...
        "require": {
            ...
            /*
            issue-184 is the name of the Bladewind branch
            you either checked out or created
            dev- is just a prefix required by composer
            if you checked out the development branch,
            you will type "dev-development"
            */
            "mkocansey/bladewind": "dev-issue-184",
            ...
        },
        "repositories": {
            "mkocansey/bladewind": {
                "type": "path",
                "url": "/path/to/bladewind/folder/on/your/computer"
                // on my computer, the value for url is
                //  "/Users/mkocansey/projects/kursor/bladewind"
            }
        }
        
    

Now you will need to run composer update at the root of your project.

composer update

Your project should be using your local version of BladewindUI now. To test the components directly from the vendor/mkocansey directory, use the colon notation for invoking components.


    <x-bladewind::bell />
    <x-bladewind::notification />
    

If you are making CSS or Javascript changes, you will need to be compiling the TailwindCSS classes as you code. I use mix for this but you can stick with however you already compile assets.


# this should be run at the root
# of your local version of bladewind
npx mix watch

If for some reason the changes you make are not taking effect in your test project, you will need to run the command below to copy over the assets from bladewind into your project. Run this at the root of your project (not the bladewind project).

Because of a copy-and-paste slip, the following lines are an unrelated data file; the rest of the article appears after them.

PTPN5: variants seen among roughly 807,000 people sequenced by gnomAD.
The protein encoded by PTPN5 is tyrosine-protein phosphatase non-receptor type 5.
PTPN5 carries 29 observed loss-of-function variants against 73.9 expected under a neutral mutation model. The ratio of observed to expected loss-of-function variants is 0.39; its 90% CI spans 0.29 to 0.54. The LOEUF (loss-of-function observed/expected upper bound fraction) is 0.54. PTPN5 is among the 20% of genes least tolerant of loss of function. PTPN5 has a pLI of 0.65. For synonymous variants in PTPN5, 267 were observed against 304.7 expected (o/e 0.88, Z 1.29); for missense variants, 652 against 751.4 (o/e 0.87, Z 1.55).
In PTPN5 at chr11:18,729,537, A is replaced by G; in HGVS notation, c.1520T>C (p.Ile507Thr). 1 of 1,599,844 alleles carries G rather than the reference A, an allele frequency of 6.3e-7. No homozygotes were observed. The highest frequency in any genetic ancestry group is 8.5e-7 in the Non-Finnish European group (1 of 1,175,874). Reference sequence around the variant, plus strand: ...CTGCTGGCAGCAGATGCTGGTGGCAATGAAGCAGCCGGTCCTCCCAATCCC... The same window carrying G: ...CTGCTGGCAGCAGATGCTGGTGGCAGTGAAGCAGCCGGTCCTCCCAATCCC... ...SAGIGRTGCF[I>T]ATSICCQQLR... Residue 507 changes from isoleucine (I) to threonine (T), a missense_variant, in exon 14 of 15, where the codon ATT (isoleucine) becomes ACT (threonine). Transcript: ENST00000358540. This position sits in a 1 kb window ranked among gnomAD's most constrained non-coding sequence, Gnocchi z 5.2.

php artisan vendor:publish --provider="Mkocansey\Bladewind\BladewindServiceProvider" --tag=bladewind-public --force

Documenting New Attributes or Components

This is an optional step. As much as possible I will document any changes that come in the PRs. If you however, introduce new attributes or components and want to take a stab at documenting them, you will need to clone the the documentation code to your computer. This is a Laravel project not markdown files unfortunately.

Contributing to the documentation follows the same steps outlined above .

Coding Style

BladewindUI adheres to the PSR-2 coding standards as well as the PSR-4 autoloading standards.

All props should be at top of the page and variables should be of the right type.

        
        props([
        'size'       => 'small',
        'show_dot'   => true,       // correct
        'show_dot'   => 'true',     // wrong
        ...
        
    

Attribute Names

As much as possible, try to use single words for attribute names where possible. Where you need to use more than one word, the attribute names should read like spoken English. Especially if the attribute values will be boolean. Below are a couple of examples.

        
        props([
        'show_dot'   => true,
        'has_shadow' => true,
        'accepted_file_types' => '',
        'is_numeric' => true,   // this can just be 'numeric' => true,
        'show_close_icon' => true,

        // the above attribute can be replaced with the one word
        'closable' => true,
        ...
        
    

Code of Conduct

BladewindUI derives its code of conduct from The Ruby Community Conduct Guideline and we advise contributors to be respectful of these.

  • Participants will be tolerant of opposing views.
  • Participants must ensure that their language and actions are free of personal attacks and disparaging personal remarks.
  • When interpreting the words and actions of others, participants should always assume good intentions.
  • Behaviour which can be reasonably considered harassment will not be tolerated.